The young girl skipped onto the stage of the dilapidated, half-filled theater hall, her thin voice competing with the noise of an unruly audience. Midway through the first verse of her first song, a beer bottle smashed onto the floor just a yard or so in front of her. The child’s voice quaked momentarily, but she continued to sing. “The show must go on” mentality had already been ingrained in her. As she neared the end of the musical number, the girl struggled to find enough breath to finish her performance. The smoke-filled air reeked of cigarettes and made it especially hard to sing. The girl missed a couple of notes as the song ended, curtsied, and then made her exit to a mixture of applause and boos.
When we think of Academy-Award winner Julie Andrews, we picture her twirling, arms outstretched against the beautiful backdrop of the Austrian Alps—melodiously singing the opening stanzas of The Sound of Music. Whether as Maria Von Trapp or Mary Poppins, Andrews sings and acts so effortlessly that it’s tempting to assume that she was born a star. It’s easy to overlook her humble beginnings, the years she spent as a child touring with vaudeville troupes, performing in seedy auditoriums in front of rowdy, working-class crowds in Britain.
We imagine ultra-successful individuals being endowed with almost superhuman talents. In so doing, we surround greatness with a certain kind of mystique and deem it somewhat inaccessible to the average person. However, success is not contingent on having extraordinary, innate ability. Nor does greatness depend upon some mysterious approach to life. There are no secrets to success—only simple truths, principles, and disciplines that have been around for thousands of years. Sadly, we obscure the reality of success by making a number of misjudgments about it.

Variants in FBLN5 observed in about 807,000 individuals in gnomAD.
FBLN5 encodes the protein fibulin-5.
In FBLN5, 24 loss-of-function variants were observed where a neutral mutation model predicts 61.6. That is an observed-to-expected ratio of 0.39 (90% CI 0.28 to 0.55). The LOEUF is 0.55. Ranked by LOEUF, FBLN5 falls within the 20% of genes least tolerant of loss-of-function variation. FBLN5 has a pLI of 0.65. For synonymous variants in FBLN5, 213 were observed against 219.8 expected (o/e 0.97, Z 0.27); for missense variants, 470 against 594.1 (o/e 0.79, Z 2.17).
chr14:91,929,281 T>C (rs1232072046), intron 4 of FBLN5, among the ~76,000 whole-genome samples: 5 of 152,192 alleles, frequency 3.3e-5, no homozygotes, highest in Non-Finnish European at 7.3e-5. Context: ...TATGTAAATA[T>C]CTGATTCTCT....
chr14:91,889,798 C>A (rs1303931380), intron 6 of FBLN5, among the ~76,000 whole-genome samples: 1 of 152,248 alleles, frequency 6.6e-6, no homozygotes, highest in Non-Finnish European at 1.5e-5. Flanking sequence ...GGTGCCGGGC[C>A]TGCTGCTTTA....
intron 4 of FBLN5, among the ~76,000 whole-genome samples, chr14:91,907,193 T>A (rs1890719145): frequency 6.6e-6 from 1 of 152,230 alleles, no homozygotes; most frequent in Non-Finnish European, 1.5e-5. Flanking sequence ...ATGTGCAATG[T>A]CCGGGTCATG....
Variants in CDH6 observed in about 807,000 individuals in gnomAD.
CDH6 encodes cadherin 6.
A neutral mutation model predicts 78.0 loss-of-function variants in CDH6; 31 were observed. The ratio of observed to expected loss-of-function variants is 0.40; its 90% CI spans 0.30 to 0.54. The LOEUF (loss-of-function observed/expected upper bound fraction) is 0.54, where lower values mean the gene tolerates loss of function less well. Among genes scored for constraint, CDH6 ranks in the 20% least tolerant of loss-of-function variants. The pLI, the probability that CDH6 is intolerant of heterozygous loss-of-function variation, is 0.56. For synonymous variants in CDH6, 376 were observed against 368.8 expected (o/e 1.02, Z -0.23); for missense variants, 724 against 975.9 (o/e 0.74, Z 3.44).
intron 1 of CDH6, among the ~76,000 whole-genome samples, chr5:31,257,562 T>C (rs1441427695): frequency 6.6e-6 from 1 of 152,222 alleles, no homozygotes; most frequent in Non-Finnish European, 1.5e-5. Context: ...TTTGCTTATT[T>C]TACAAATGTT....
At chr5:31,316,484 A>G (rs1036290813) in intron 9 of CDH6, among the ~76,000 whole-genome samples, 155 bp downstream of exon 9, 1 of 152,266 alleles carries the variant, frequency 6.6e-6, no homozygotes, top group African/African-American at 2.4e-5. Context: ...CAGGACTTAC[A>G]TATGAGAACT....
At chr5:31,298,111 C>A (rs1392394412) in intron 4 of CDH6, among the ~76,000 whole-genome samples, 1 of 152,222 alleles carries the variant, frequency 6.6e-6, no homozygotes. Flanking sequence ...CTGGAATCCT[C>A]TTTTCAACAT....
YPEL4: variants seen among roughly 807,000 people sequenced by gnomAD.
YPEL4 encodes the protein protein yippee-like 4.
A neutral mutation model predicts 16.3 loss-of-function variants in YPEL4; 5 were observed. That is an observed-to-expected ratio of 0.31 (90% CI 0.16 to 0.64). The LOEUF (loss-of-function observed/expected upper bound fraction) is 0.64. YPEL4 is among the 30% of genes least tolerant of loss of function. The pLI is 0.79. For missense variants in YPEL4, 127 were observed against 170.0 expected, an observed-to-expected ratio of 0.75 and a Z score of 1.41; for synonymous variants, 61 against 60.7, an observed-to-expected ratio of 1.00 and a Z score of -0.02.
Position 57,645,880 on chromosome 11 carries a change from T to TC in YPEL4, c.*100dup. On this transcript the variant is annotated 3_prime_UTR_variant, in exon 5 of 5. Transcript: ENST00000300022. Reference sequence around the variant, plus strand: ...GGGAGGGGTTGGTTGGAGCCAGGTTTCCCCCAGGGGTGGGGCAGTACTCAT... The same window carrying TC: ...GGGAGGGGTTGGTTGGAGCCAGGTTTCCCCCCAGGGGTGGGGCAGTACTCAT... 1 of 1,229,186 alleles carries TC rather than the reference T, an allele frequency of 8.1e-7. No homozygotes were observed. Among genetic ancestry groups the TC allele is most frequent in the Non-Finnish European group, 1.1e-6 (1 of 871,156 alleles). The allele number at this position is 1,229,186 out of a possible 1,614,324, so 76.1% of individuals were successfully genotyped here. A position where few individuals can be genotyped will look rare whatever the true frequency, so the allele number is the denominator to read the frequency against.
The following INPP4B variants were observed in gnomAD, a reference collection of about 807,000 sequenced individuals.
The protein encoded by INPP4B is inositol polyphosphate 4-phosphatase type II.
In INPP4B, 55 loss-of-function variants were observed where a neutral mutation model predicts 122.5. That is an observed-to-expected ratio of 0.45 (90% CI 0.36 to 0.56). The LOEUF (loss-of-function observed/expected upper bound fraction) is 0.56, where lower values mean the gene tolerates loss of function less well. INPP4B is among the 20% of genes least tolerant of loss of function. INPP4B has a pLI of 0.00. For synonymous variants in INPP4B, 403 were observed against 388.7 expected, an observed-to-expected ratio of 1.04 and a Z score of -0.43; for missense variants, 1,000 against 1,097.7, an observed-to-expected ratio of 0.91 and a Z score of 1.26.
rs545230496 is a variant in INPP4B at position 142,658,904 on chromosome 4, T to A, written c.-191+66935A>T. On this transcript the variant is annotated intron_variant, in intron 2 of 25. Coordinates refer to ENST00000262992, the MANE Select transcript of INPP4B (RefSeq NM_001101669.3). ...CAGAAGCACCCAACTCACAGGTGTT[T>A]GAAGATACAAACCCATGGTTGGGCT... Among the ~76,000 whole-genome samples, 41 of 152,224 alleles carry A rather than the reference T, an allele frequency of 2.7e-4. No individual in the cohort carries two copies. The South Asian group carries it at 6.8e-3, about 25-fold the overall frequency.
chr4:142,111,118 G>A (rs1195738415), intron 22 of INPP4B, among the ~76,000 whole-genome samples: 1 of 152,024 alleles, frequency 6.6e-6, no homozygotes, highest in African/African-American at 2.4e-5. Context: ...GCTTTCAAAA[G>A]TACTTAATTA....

The Overestimated/Underestimated Realities of Success
(1) We overestimate the person & we underestimate the principles.
Julie Andrews suffered a mid-career swoon during which a number of her movies flopped. However, she rebounded to win a Golden Globe in 1982. As she remarks, “Perseverance is failing 19 times and succeeding the 20th.”
Most recently, throat surgery deprived Andrews of the ability to sing. Undaunted, she moved on to other pursuits, and has become a successful author of children’s books. When asked about no longer being able to sing, Andrews is fond of quoting a line from The Sound of Music, “When God closes a door, somewhere he opens a window.”
The point is that Julie Andrews’ stardom cannot be attributed solely, or even primarily, to her charming personality. Rather, she has been aided by her determined perseverance and her irrepressible positive attitude—principles that can be applied by anyone.
(2) We overestimate the luck & we underestimate the work.
We talk about someone’s career taking off after making “a big break.” Usually, however, the big break was preceded by years of dedicated practice. “I’ve never minded being disciplined,” says Julie Andrews. “I’d always rather have a quiet evening in than go to a wild party. Discipline for me has always been the foundation which leaves me free to fly.”
(3) We overestimate the skill & we underestimate the stamina.
Julie Andrews’ voice propelled her to stardom, but in her words, “singing has never been particularly easy for me.” She was not blessed with such immense vocal prowess that she could bypass intensive practice sessions throughout her career. “As my mother said, I never sprang out of bed with a glad shout. My voice needed oiling and then it took off.”
Thought to Ponder
What quality do you tend to overestimate in your personal outlook toward success? Why do you think this is the case?
What element of success deserves closer attention from you? How would prioritizing it benefit you personally and/or professionally?